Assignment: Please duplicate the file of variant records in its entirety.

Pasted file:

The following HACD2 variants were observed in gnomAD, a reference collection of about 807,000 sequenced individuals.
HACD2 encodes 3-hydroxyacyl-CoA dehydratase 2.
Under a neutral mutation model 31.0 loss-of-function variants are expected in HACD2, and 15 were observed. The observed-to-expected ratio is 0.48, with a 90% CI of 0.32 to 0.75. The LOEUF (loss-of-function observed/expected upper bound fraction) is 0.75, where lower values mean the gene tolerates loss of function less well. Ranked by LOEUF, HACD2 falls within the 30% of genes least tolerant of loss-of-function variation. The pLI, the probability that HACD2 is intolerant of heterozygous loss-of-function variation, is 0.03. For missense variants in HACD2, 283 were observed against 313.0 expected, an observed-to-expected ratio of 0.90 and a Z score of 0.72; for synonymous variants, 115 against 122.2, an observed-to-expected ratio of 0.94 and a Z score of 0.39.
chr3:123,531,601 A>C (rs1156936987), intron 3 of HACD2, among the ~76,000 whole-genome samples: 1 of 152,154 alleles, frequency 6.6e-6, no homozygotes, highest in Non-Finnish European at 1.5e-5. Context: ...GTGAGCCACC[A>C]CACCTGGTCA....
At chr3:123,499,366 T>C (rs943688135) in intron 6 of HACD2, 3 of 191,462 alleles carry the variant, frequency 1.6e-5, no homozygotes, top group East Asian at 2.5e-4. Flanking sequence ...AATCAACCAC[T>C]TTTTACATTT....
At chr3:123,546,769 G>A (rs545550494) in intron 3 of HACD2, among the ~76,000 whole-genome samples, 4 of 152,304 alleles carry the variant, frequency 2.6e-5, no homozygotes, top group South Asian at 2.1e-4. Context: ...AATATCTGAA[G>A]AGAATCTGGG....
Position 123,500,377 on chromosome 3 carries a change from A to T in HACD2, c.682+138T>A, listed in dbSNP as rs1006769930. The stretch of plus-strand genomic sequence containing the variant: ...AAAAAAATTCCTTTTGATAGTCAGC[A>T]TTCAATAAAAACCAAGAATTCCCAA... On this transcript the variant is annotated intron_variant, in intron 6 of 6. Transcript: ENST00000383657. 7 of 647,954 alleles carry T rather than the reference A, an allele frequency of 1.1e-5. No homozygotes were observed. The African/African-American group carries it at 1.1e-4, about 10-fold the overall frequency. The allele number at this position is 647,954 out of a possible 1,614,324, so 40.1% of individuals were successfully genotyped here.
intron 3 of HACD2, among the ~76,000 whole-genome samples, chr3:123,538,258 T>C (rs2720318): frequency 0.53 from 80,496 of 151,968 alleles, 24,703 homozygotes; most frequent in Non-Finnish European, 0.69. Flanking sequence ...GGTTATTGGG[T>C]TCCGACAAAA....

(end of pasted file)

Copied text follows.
The following HACD2 variants were observed in gnomAD, a reference collection of about 807,000 sequenced individuals.
HACD2 encodes 3-hydroxyacyl-CoA dehydratase 2.
Under a neutral mutation model 31.0 loss-of-function variants are expected in HACD2, and 15 were observed. The observed-to-expected ratio is 0.48, with a 90% CI of 0.32 to 0.75. The LOEUF (loss-of-function observed/expected upper bound fraction) is 0.75, where lower values mean the gene tolerates loss of function less well. Ranked by LOEUF, HACD2 falls within the 30% of genes least tolerant of loss-of-function variation. The pLI, the probability that HACD2 is intolerant of heterozygous loss-of-function variation, is 0.03. For missense variants in HACD2, 283 were observed against 313.0 expected, an observed-to-expected ratio of 0.90 and a Z score of 0.72; for synonymous variants, 115 against 122.2, an observed-to-expected ratio of 0.94 and a Z score of 0.39.
chr3:123,531,601 A>C (rs1156936987), intron 3 of HACD2, among the ~76,000 whole-genome samples: 1 of 152,154 alleles, frequency 6.6e-6, no homozygotes, highest in Non-Finnish European at 1.5e-5. Context: ...GTGAGCCACC[A>C]CACCTGGTCA....
At chr3:123,499,366 T>C (rs943688135) in intron 6 of HACD2, 3 of 191,462 alleles carry the variant, frequency 1.6e-5, no homozygotes, top group East Asian at 2.5e-4. Flanking sequence ...AATCAACCAC[T>C]TTTTACATTT....
At chr3:123,546,769 G>A (rs545550494) in intron 3 of HACD2, among the ~76,000 whole-genome samples, 4 of 152,304 alleles carry the variant, frequency 2.6e-5, no homozygotes, top group South Asian at 2.1e-4. Context: ...AATATCTGAA[G>A]AGAATCTGGG....
Position 123,500,377 on chromosome 3 carries a change from A to T in HACD2, c.682+138T>A, listed in dbSNP as rs1006769930. The stretch of plus-strand genomic sequence containing the variant: ...AAAAAAATTCCTTTTGATAGTCAGC[A>T]TTCAATAAAAACCAAGAATTCCCAA... On this transcript the variant is annotated intron_variant, in intron 6 of 6. Transcript: ENST00000383657. 7 of 647,954 alleles carry T rather than the reference A, an allele frequency of 1.1e-5. No homozygotes were observed. The African/African-American group carries it at 1.1e-4, about 10-fold the overall frequency. The allele number at this position is 647,954 out of a possible 1,614,324, so 40.1% of individuals were successfully genotyped here.
intron 3 of HACD2, among the ~76,000 whole-genome samples, chr3:123,538,258 T>C (rs2720318): frequency 0.53 from 80,496 of 151,968 alleles, 24,703 homozygotes; most frequent in Non-Finnish European, 0.69. Flanking sequence ...GGTTATTGGG[T>C]TCCGACAAAA....